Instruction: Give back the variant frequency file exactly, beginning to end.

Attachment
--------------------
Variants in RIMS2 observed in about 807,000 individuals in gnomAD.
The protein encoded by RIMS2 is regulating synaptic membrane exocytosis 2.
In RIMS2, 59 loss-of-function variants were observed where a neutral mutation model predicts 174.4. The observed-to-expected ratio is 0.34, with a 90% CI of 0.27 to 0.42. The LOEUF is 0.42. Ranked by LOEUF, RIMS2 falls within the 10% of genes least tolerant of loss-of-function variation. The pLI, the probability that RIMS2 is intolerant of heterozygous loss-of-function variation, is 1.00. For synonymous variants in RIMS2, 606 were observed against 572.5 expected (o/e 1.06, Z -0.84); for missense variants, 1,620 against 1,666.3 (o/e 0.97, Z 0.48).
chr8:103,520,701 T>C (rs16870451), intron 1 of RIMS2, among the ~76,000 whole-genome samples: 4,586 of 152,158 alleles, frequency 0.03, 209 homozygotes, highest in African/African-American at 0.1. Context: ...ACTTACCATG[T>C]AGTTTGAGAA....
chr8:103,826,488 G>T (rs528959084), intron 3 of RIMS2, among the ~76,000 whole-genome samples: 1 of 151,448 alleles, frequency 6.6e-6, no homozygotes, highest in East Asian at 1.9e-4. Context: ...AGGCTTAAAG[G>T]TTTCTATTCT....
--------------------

Variants in RIMS2 observed in about 807,000 individuals in gnomAD.
The protein encoded by RIMS2 is regulating synaptic membrane exocytosis 2.
In RIMS2, 59 loss-of-function variants were observed where a neutral mutation model predicts 174.4. The observed-to-expected ratio is 0.34, with a 90% CI of 0.27 to 0.42. The LOEUF is 0.42. Ranked by LOEUF, RIMS2 falls within the 10% of genes least tolerant of loss-of-function variation. The pLI, the probability that RIMS2 is intolerant of heterozygous loss-of-function variation, is 1.00. For synonymous variants in RIMS2, 606 were observed against 572.5 expected (o/e 1.06, Z -0.84); for missense variants, 1,620 against 1,666.3 (o/e 0.97, Z 0.48).
chr8:103,520,701 T>C (rs16870451), intron 1 of RIMS2, among the ~76,000 whole-genome samples: 4,586 of 152,158 alleles, frequency 0.03, 209 homozygotes, highest in African/African-American at 0.1. Context: ...ACTTACCATG[T>C]AGTTTGAGAA....
chr8:103,826,488 G>T (rs528959084), intron 3 of RIMS2, among the ~76,000 whole-genome samples: 1 of 151,448 alleles, frequency 6.6e-6, no homozygotes, highest in East Asian at 1.9e-4. Context: ...AGGCTTAAAG[G>T]TTTCTATTCT....